April is officially known as Autism Awareness Month. It is a time where people come together to try and raise as much awareness about Autistic individuals as possible. However, the autistic community are trying to lean away from the term ‘awareness’ and move towards acceptance. There is a quote ‘You can be aware of something, but not accept it’. At AP Cymru, we believe in raising awareness and promoting acceptance for all.

As our physical fundraising has come to a halt due to Covid 19, for this years Autism Acceptance Month we are taking part in a sponsored walk called ‘Steps to Acceptance’. Approximately 700,000 people in the UK are autistic, therefore this is how many steps we aimed to reach. The support AP Cymru has had towards reaching this goal has been phenomenal and our goal is now a whopping 10 million steps and we are only £200 away from reaching our fundraising goal of £2000.

As Team AP and our incredible families and supporters are taking physical steps to raise awareness, I thought I would compile a list of 7 things that I feel contribute to Autism Acceptance rather than simply just awareness. My seven steps to autism acceptance are:

1.Validate Sensory Experiences

Autistic individuals often have different sensory experiences to Neurotypicals. For example, some Autistics may have Hyperacusis, which means that sounds are perceived differently and the person may be more sensitive to sounds such as loud noises, fireworks and everyday sounds such as alarms and telephones. Another example may be that due to interoception the person doesn’t experience temperature regulation in the same way, they may not feel the cold or the heat, so prefer to wear clothes that match how they’re feeling rather than the weather. A final example may be eating, whether it’s taste or texture we may only like a limited number of foods or we may like to eat in a specific way. When someone invalidates our sensory experiences it can feel frustrating, because we can’t control what our sensory needs are. By validating these things it can make us feel more comfortable and free to be ourselves.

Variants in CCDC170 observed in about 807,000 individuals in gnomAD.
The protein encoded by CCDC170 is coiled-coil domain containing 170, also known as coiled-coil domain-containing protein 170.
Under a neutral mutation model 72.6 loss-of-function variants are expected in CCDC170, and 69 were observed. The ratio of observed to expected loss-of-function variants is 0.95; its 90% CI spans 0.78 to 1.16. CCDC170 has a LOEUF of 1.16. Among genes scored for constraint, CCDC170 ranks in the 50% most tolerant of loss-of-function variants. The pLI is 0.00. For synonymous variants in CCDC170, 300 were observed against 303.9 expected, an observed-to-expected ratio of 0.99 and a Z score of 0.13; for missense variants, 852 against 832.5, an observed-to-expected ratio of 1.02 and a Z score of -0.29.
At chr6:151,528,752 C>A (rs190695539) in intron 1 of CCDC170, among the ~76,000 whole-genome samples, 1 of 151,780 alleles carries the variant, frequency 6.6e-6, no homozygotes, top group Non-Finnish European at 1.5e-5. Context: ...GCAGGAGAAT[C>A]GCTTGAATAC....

2. Allow Us To Communicate Our Way

People can communicate in a variety of ways. For Autistic people communication can be affected in different ways. Autistic individuals may be pre-verbal and use tools such as PECS (Picture Exchange Communication System) or Makaton. We may have difficulty developing language and need Speech and Language therapy. For example, we may be Echolalia and like to repeat phrases and sounds. Some autistics may be Hyperlexic which is where a person has the ability to read above their years and has a fascination with words or numbers. Selective Mutism can also effect autistic individuals and this is characterised by the inability to speak and communicate in certain social settings. Allowing Autistics to communicate in a way that best suits their needs, rather than what is easiest for others to understand is key to Autism Acceptance.

3. Please Don’t Force Eye Contact

As a Chameleon in Childhood I was always told – ‘Look at me while i’m speaking to you’ or ‘Cerys you are not listening to me, look to show you are listening’. It is understandable that in communication eye contact shows you are engaged in the conversation with the other person. However, a common misconception about Autistic people is that we are not listening when we are ‘avoiding’ eye contact. The reasons we may avoid eye contact are – it makes us feel uncomfortable, we may need more time to process your facial expressions, tone of voice and we need extra time to process language and auditory processing. These factors can then distract us from the conversation. We may either not look at you or we may look at the bridge of your nose or centre of your forehead to create the illusion that we are looking at you. This is more common in those with disguised presentation. When we are not looking or if we are pretending to look, we are more often than not listening to you, but trying to grasp the social interaction.